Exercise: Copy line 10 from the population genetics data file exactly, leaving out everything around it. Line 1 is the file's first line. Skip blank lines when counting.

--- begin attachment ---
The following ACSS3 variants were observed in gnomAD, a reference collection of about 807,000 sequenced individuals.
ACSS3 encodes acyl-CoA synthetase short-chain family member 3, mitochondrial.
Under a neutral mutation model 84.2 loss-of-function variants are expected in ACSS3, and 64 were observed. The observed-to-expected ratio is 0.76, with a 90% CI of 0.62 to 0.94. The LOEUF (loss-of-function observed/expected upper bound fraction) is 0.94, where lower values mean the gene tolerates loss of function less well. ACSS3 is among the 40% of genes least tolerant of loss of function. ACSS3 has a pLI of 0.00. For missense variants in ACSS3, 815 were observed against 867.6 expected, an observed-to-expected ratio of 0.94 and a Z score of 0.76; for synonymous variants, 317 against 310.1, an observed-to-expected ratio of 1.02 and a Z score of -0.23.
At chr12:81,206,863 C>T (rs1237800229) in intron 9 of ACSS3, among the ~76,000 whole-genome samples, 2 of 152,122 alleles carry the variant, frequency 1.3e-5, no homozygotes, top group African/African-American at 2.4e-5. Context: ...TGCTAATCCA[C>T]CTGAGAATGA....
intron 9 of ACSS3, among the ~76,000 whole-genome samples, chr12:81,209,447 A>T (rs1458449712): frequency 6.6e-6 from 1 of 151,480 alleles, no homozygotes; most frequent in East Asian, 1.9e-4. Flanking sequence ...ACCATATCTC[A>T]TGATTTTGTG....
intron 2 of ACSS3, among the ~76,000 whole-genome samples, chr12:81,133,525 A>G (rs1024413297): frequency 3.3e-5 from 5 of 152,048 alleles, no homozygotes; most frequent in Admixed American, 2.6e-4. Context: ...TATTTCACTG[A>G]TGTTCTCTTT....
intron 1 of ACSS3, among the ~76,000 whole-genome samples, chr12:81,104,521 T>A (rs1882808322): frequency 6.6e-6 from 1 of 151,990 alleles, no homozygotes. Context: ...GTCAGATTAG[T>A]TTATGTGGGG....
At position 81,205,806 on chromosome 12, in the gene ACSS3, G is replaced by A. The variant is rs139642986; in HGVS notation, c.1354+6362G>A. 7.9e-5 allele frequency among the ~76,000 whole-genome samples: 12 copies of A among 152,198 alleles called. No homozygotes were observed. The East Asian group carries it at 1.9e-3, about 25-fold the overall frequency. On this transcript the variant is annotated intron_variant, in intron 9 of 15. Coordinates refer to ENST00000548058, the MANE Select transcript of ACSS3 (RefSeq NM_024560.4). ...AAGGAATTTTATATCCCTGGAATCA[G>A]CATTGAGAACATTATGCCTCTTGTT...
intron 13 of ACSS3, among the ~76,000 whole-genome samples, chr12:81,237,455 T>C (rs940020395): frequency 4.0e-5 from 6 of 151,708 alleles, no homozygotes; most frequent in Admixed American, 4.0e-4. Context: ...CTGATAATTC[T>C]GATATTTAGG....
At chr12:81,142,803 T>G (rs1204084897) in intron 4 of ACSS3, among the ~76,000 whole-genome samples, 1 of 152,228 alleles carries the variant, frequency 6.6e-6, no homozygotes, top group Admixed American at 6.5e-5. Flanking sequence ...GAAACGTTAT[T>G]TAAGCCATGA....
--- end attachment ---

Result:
At chr12:81,142,803 T>G (rs1204084897) in intron 4 of ACSS3, among the ~76,000 whole-genome samples, 1 of 152,228 alleles carries the variant, frequency 6.6e-6, no homozygotes, top group Admixed American at 6.5e-5. Flanking sequence ...GAAACGTTAT[T>G]TAAGCCATGA....